Bubble Trouble – and the Aftermath 

By Dr Susana Kent

4 June 2020

Many may have enjoyed the peace and quiet in life that came with Alert Level 4 lockdown but many experienced the opposite. Bubbles of people confined to their houses may have provided the perfect conditions for interpersonal and sexual violence. Like a natural disaster (e.g. Christchurch earthquake), often there is a ripple effect with violence rates increasing for some time after the event. 

Inadequate or overcrowded housing, poverty, stress of having to teach/supervise their own children, job uncertainty and lack of the normal safety netting that surrounds a child  (e.g. school) can all contribute to increased rates of violence, and decreased rates of detection of that violence.

When it comes to violence detection, as demonstrated in the most recent Crime and Victim Survey 2018 -2019, the majority of interpersonal violence goes unreported. Staggeringly 94 percent of those who suffer sexual violence do not report this to Police.

As GPs, we are in the privileged position of hearing and being able to ask about ‘domestic’ violence.    When we hear about physical violence, we need to ask about sexual violence, and we need to specifically ask about strangulation.

To add to that list it is useful to have discussions with younger people about healthy sexuality. Most young people in Aotearoa get their sex education from porn sites. The effect of pornography on sexual norms cannot be underrated. It is unfortunate that porn sites promoting strangulation do not explain the deleterious effect on the brain. The excellent website https://thelightproject.co.nz/ has plenty of information about pornography and there is also a section for health professionals to help negotiate these conversations.  There are some alarming statistics there, including that one in four children have looked at porn by the age of 12.

As you may know, strangulation is now a separate offence under our law. In the context of intimate partner violence, previous strangulation increases risk of a completed homicide by 700 percent. The Police and justice system have now recognised the significance of this.

We may be congratulating ourselves on ‘flattening the curve’ with respect to COVID-19, but wouldn’t it be great if we could do the same with interpersonal and sexual violence in Aotearoa?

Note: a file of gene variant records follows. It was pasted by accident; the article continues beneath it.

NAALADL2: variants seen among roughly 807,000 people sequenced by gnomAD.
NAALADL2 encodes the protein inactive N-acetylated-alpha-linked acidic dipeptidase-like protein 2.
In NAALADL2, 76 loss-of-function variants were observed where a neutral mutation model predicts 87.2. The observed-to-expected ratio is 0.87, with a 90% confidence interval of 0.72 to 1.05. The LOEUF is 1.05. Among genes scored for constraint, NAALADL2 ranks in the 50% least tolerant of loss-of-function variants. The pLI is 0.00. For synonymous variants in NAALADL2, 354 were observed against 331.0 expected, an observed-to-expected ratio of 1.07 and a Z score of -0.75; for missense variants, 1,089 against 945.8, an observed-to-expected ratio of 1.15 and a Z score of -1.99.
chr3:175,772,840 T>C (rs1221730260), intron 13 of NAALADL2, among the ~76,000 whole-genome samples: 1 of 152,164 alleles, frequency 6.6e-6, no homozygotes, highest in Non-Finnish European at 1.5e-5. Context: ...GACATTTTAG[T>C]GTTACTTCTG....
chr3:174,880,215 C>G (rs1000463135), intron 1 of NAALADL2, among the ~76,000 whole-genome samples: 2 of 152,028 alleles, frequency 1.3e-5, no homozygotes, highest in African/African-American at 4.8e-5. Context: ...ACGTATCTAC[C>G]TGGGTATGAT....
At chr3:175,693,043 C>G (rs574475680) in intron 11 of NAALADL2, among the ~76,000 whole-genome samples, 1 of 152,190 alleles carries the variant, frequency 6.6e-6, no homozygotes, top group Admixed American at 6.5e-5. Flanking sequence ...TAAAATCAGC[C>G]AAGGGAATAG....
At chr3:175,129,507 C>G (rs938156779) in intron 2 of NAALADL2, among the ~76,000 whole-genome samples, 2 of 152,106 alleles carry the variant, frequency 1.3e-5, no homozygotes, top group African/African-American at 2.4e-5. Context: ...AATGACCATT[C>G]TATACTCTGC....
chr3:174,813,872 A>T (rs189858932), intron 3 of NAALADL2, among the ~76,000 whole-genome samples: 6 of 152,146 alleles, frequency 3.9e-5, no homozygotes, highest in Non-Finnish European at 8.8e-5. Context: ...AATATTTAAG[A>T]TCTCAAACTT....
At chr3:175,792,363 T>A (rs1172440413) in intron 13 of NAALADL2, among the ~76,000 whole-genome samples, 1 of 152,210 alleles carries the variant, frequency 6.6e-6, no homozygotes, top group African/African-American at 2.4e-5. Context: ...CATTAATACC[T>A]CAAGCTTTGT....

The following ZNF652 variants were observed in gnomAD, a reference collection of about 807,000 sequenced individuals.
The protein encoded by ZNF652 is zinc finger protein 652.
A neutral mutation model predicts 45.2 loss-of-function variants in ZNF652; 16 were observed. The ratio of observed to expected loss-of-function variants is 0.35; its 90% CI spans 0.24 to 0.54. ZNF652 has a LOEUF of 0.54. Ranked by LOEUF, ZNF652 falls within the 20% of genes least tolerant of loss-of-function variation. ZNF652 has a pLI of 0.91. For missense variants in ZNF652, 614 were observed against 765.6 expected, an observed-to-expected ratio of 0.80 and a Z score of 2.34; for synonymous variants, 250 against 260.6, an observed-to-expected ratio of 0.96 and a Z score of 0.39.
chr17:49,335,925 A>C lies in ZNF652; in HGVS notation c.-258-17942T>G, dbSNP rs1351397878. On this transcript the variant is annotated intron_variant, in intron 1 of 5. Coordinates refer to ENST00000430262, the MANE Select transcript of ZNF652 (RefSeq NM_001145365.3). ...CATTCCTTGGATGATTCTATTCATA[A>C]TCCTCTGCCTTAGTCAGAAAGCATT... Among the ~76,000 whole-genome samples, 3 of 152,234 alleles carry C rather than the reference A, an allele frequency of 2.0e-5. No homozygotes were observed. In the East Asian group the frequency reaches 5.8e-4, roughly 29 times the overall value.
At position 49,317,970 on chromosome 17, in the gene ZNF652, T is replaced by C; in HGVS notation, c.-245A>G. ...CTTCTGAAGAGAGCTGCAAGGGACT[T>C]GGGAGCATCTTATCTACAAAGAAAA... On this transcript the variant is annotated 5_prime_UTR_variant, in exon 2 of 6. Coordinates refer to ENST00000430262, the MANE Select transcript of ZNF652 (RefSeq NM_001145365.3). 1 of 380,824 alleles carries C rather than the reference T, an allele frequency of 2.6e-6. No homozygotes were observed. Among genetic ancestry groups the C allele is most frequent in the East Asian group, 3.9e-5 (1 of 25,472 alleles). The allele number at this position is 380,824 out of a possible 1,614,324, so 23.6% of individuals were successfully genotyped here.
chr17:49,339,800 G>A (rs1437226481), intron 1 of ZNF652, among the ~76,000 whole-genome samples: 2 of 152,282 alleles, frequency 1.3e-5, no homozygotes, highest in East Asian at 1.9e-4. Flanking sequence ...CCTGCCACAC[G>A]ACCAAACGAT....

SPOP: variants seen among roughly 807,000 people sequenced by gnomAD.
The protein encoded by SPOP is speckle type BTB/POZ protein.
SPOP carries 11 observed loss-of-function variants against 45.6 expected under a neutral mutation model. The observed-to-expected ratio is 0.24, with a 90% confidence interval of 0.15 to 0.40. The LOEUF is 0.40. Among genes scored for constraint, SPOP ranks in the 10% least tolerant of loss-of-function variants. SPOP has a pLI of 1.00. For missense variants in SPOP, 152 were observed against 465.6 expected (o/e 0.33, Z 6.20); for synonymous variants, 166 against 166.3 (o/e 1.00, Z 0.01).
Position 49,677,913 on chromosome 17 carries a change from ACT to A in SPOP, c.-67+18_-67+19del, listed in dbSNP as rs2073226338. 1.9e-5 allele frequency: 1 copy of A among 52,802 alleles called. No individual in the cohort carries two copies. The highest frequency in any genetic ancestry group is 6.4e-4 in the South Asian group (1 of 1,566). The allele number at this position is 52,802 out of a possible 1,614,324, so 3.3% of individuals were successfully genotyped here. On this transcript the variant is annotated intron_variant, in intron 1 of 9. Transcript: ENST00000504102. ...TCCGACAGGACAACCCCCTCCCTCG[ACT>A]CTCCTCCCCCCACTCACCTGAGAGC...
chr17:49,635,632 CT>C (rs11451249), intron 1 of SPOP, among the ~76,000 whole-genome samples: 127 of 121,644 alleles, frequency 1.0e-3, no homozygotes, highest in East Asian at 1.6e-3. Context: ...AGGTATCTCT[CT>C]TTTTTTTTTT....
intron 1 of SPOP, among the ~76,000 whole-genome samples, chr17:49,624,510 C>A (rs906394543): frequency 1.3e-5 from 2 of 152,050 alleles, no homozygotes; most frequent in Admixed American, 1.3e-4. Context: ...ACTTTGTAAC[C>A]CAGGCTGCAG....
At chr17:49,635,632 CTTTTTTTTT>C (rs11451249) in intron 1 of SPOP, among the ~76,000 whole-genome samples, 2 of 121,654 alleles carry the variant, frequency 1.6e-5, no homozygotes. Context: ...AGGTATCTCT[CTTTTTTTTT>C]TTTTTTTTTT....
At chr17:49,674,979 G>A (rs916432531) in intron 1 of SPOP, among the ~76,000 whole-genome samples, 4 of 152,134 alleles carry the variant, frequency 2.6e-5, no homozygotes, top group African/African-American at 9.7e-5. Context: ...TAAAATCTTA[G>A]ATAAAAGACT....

What we can do in community medicine 

  1. Ask about whānau/family safety e.g. “How are things going at the moment?  How are things with your partner?  There has been a real range of experiences during level 4 - how was level 4 lockdown for you?”
  2. If violence is disclosed, discuss where you might go from here – how safe are they to come in for an in-person consult, offer resources and referral, e.g. to Sexual Abuse Assessment Treatment Service (SAATS) or local crisis support (e.g. Women’s Refuge). 

A note about sexual violence 

Please remind people that the Police do not have to be involved if you refer them to a local SAATS. There are SAATS all throughout the motu and their services are free.  People can choose to have: 

  1. A health and safety check (medical and psychological care). 
  2. A ‘Just in Case’ examination. This is a forensic exam where samples are taken and stored anonymously. The patient has six months within which to make up their mind about involving the Police.  If they do not want to use the samples, the forensic kits get destroyed.
  3. A full forensic exam with Police involvement. 

Medical Sexual Assault Clinicians Aotearoa (MEDSAC) is the training, CME, mentorship and accreditation body for clinicians who work in sexual assault services.  MEDSAC runs an annual conference at Te Papa.  New trainees are fully supported by a mentor, and the Expert Advisor Forum on www.saats-link.nz.  MEDSAC also offers a medical expert review group that will review doctors’ statements prior to court.